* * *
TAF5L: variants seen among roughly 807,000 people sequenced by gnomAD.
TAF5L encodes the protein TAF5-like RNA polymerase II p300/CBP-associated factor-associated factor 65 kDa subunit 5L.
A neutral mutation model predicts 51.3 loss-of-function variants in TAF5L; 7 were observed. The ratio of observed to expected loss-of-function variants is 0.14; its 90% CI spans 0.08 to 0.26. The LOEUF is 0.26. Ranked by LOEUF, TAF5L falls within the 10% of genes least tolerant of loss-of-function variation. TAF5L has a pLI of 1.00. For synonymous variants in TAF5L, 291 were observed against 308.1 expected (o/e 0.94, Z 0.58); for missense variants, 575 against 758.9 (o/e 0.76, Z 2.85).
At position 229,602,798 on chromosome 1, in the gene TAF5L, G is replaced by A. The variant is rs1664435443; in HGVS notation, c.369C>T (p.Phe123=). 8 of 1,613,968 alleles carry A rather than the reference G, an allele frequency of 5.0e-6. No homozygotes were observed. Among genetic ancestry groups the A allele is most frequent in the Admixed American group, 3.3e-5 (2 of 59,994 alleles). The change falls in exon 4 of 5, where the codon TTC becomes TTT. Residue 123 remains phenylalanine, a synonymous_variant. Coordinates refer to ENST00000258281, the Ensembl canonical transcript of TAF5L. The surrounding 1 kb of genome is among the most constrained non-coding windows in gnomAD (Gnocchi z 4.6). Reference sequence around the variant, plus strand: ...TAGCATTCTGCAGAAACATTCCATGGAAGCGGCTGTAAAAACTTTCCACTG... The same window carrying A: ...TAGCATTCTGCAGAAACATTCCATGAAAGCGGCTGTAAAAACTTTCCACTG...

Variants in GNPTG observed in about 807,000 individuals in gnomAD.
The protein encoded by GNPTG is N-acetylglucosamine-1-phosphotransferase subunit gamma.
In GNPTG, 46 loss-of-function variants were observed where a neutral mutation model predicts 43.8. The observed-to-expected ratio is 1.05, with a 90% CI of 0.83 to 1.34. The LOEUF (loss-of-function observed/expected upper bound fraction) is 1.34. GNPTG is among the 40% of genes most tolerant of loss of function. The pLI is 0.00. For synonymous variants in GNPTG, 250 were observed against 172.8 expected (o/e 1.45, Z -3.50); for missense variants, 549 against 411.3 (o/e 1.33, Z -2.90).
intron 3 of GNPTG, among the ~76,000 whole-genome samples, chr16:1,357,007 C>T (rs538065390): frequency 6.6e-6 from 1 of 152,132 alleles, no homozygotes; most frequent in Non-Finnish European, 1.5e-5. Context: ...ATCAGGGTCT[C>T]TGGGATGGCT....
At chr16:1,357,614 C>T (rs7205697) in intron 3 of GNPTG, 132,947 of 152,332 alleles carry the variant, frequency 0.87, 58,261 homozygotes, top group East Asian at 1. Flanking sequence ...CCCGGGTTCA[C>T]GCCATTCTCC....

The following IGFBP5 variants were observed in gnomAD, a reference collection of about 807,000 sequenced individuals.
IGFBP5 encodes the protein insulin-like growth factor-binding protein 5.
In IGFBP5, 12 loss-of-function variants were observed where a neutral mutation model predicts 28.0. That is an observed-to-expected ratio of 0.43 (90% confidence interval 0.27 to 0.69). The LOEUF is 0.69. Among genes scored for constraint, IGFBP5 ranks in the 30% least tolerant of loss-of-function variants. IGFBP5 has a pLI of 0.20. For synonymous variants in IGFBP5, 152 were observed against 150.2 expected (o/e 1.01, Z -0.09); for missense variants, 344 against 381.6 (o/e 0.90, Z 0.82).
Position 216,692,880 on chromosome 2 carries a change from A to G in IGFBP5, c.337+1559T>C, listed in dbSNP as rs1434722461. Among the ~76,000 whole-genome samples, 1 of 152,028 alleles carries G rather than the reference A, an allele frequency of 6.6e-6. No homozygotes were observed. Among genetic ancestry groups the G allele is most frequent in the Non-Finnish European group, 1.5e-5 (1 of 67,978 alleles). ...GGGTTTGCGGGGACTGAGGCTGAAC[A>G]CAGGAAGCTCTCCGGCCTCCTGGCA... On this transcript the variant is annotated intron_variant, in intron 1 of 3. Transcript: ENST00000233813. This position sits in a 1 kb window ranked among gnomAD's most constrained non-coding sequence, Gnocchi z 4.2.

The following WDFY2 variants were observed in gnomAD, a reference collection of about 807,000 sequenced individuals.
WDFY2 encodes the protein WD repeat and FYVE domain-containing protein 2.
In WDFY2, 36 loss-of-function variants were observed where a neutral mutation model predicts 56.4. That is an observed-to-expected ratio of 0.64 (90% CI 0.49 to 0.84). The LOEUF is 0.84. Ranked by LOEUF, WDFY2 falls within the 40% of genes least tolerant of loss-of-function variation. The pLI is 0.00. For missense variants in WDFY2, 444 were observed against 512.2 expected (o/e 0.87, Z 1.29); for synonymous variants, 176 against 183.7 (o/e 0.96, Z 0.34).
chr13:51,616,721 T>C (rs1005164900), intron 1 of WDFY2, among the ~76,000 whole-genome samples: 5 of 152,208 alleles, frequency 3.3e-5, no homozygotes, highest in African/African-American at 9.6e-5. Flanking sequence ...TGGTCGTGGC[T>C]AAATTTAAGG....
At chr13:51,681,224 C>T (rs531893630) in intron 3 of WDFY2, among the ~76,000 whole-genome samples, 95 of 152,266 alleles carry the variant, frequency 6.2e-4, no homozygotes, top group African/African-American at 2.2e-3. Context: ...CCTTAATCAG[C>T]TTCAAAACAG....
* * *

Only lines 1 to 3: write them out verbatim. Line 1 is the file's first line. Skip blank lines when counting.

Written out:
TAF5L: variants seen among roughly 807,000 people sequenced by gnomAD.
TAF5L encodes the protein TAF5-like RNA polymerase II p300/CBP-associated factor-associated factor 65 kDa subunit 5L.
A neutral mutation model predicts 51.3 loss-of-function variants in TAF5L; 7 were observed. The ratio of observed to expected loss-of-function variants is 0.14; its 90% CI spans 0.08 to 0.26. The LOEUF is 0.26. Ranked by LOEUF, TAF5L falls within the 10% of genes least tolerant of loss-of-function variation. TAF5L has a pLI of 1.00. For synonymous variants in TAF5L, 291 were observed against 308.1 expected (o/e 0.94, Z 0.58); for missense variants, 575 against 758.9 (o/e 0.76, Z 2.85).